Capital on its own cannot deliver the kind of growth in prosperity that we observe in reality.

It is science, not capital that enables us to waste computing power on selfies and fake news. The reason we can afford to consume knowledge, frivolously or otherwise, is first, not subject to diminishing returns. Secondly, knowledge can be used by many people over and over again at no additional cost.

Suppose Ms Agronomy were to acquire another 50 acres of land. She would with very little capital, simply replicate her knowhow and be producing at peak output in no time. And of course, Ms Agronomy would be continuing with her experiments. So by this time, she would be up to 35 bags per acre, or 40. In fact, every one of Ms Agronomy’s workers could go off and replicate her methods at no extra cost. Mr. Capital’s workers cannot walk into the bank and walk out with a tractor. Mr. Capital would be back to the bankers who would in turn deploy more of society’s savings to equip his operation. More of societies savings would have to be mobilized. New equipment would need to be manufactured. Producing more equipment needs more workers. So instead of producing food, Ms Agronomy’s workers will now be hired to produce the equipment to produce food.

It is science, not capital that enables us to waste computing power on selfies and fake news. The reason we can afford to consume knowledge, frivolously or otherwise, is first, not subject to diminishing returns.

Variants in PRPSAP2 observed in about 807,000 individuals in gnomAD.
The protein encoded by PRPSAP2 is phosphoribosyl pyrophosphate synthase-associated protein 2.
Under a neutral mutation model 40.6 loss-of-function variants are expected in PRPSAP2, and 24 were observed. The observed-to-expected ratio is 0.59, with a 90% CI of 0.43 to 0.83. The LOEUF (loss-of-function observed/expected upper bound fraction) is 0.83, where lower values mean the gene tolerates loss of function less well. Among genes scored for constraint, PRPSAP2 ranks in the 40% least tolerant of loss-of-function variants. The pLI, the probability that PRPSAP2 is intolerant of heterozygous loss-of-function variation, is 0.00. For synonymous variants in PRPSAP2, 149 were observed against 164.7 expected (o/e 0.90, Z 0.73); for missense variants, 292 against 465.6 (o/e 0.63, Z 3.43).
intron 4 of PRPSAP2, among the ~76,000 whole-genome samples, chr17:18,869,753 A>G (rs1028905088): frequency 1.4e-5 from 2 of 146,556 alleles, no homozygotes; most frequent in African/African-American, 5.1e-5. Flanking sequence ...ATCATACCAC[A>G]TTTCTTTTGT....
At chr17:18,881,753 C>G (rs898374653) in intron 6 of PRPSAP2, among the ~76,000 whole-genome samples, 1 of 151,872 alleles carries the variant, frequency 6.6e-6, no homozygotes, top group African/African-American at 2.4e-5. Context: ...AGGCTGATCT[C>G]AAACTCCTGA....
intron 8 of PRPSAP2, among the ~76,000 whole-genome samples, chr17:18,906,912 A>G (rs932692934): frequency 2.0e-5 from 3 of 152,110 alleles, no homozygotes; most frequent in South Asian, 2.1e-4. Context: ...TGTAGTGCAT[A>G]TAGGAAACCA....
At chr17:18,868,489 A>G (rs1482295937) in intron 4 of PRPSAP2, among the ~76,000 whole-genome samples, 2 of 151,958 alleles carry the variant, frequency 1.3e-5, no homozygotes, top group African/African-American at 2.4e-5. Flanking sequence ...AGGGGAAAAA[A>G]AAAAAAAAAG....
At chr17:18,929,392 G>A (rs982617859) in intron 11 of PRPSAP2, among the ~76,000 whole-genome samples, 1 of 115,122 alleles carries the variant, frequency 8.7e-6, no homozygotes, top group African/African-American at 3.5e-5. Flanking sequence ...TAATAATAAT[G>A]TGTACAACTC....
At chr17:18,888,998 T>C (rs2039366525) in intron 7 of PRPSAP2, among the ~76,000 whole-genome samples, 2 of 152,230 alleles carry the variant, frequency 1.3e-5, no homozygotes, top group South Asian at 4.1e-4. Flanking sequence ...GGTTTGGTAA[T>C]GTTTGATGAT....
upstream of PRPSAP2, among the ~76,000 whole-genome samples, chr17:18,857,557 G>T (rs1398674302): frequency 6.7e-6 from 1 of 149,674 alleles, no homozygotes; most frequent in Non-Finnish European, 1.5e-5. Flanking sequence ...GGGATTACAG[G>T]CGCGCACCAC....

Why then is society, even those countries in which more capital could not possibly appreciably improve standards of living —think Japan— still obsessed with hard work, thrift and accumulation of capital?

Why are Africa’s leaders forever trooping to the West and East, fawning, groveling and whoring for capital?

Bertrand Russell: ‘From the beginning of civilization until the industrial revolution a man could, as a rule, produce by hard work little more than was required for the subsistence of himself and his family, although his wife worked at least as hard and his children added their labour as soon as they were old enough to do so. The small surplus above bare necessaries was not left to those who produced it, but was appropriated by priests and warriors. In times of famine there was no surplus; the warriors and priests, however, still secured as much as at other times, with the result that many of the workers died of hunger. At first sheer force compelled them to produce and part with the surplus. Gradually, however, it was found possible to induce many of them to accept an ethic according to which it was their duty to work hard, although part of their work went to support others in idleness. [But] a system which lasted so long and ended so recently has naturally left a profound impression upon mens thoughts and opinions. Much that we take for granted about the desirability of work is derived from this system and, being pre-industrial, is not adapted to the modern world.

Says Bertrand Russell: “Gradually, however, it was found possible to induce many of them to accept an ethic according to which it was their duty to work hard, although part of their work went to support others in idleness.”

Warriors, priests, chiefs, bureaucrats. And bankers.

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David Ndii is a leading Kenyan economist and public intellectual.

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Dark Money: Pandora Papers Show UK Must Tackle Its Corruption-Enabling Industry

As long as we have countries that are willing to receive these illicit monies, then it [corruption] will keep happening

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The new head of the Word Trade Organization has delivered a damning critique of Britain’s supposed fight against international corruption, accusing the UK of harbouring a “cottage industry” of financial enablers who cater to corrupt public officials overseas.